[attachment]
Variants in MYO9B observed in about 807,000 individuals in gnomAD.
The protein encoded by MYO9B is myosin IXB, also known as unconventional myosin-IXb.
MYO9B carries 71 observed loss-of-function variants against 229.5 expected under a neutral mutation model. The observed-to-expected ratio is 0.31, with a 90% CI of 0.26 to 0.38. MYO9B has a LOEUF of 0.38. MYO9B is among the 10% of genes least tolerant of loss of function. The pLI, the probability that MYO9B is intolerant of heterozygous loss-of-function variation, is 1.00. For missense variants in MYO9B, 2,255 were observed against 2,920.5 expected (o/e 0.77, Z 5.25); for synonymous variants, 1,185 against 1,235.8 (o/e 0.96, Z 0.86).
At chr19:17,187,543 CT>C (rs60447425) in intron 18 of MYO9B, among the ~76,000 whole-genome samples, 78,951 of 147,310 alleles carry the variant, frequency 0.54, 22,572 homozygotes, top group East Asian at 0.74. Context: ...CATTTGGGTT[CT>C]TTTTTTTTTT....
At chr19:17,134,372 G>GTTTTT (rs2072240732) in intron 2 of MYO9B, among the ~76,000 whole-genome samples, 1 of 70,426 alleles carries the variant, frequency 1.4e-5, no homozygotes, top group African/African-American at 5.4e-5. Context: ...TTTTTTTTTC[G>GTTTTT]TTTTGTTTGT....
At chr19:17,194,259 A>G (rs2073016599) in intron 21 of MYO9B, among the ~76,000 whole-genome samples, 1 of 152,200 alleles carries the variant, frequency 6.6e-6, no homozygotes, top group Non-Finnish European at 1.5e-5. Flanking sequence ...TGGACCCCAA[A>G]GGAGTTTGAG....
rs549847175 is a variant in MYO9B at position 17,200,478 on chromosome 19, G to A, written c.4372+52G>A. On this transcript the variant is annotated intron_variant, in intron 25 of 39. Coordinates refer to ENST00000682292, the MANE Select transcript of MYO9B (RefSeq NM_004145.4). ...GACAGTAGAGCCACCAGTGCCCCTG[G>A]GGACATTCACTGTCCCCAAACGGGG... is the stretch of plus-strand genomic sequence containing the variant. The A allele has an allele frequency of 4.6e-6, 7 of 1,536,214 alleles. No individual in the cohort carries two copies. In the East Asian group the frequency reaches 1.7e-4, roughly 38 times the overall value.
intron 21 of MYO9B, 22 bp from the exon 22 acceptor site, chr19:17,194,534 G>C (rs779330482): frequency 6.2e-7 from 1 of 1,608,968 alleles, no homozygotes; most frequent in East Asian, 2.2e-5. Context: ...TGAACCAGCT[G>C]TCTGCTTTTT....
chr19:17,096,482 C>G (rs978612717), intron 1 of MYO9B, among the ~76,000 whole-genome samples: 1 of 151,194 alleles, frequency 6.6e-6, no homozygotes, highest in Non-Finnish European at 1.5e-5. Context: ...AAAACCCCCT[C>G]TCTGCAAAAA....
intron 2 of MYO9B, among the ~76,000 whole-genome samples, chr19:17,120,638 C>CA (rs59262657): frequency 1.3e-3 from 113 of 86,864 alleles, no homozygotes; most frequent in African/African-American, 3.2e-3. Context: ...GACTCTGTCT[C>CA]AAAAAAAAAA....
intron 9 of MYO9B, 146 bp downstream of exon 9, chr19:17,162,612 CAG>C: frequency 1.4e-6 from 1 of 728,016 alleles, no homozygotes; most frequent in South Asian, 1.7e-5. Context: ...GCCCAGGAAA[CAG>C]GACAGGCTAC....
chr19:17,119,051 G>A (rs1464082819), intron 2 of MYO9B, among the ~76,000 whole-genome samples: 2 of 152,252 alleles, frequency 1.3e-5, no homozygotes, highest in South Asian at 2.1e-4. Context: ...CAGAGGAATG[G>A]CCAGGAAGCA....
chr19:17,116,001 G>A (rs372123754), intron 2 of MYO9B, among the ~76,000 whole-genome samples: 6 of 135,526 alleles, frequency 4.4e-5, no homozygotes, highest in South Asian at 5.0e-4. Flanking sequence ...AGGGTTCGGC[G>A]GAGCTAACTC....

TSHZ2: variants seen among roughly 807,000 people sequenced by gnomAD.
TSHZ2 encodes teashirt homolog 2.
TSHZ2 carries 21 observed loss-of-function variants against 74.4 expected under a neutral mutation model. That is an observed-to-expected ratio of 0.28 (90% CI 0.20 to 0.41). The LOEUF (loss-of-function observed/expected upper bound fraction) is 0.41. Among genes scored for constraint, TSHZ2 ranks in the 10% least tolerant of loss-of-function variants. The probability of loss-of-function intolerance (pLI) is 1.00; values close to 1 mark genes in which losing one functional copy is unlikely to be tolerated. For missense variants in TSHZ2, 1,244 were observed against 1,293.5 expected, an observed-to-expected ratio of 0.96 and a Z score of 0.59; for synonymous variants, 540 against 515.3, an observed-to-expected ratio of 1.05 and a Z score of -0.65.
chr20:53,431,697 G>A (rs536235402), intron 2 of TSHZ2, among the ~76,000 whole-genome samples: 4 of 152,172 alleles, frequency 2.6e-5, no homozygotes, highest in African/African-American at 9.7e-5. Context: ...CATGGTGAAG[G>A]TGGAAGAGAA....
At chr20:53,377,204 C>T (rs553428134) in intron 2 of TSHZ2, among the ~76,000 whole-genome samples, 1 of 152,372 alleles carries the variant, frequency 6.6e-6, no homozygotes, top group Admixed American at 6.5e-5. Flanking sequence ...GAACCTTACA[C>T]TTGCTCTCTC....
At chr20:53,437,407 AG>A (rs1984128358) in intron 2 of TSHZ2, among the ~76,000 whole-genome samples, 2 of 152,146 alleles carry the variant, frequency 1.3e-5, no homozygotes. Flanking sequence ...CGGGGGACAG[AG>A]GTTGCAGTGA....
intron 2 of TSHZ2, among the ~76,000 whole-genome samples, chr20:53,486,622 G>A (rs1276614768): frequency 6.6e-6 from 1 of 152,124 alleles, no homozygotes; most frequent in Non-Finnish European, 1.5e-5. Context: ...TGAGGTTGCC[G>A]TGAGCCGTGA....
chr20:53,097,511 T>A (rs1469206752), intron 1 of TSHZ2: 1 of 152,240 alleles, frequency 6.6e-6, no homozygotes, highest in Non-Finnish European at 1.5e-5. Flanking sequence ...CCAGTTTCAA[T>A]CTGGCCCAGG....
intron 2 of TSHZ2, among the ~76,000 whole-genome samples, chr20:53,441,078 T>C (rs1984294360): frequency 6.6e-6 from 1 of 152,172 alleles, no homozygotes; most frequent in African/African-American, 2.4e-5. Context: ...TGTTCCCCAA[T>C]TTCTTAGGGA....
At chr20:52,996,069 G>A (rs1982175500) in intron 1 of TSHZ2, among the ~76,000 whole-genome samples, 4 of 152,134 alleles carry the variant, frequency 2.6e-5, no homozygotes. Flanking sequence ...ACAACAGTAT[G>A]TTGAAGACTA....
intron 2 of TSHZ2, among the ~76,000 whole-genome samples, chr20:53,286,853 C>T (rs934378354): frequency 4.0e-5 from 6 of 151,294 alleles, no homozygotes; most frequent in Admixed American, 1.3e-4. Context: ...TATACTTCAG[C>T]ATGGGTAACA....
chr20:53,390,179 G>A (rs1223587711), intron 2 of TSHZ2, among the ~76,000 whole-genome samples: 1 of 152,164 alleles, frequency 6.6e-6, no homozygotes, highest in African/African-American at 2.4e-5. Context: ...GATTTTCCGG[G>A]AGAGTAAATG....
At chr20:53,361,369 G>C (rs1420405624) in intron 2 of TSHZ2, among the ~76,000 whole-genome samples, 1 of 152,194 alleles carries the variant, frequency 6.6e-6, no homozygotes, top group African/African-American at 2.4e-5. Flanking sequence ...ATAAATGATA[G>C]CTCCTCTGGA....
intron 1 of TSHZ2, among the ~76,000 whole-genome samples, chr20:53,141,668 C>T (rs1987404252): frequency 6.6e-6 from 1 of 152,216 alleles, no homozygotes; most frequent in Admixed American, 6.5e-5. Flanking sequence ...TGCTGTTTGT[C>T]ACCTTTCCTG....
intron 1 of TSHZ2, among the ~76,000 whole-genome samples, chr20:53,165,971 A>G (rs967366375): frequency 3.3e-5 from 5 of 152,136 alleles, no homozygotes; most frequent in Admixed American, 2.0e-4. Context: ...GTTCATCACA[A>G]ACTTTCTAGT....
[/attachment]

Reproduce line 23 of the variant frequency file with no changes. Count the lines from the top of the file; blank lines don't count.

At chr20:52,996,069 G>A (rs1982175500) in intron 1 of TSHZ2, among the ~76,000 whole-genome samples, 4 of 152,134 alleles carry the variant, frequency 2.6e-5, no homozygotes. Flanking sequence ...ACAACAGTAT[G>A]TTGAAGACTA....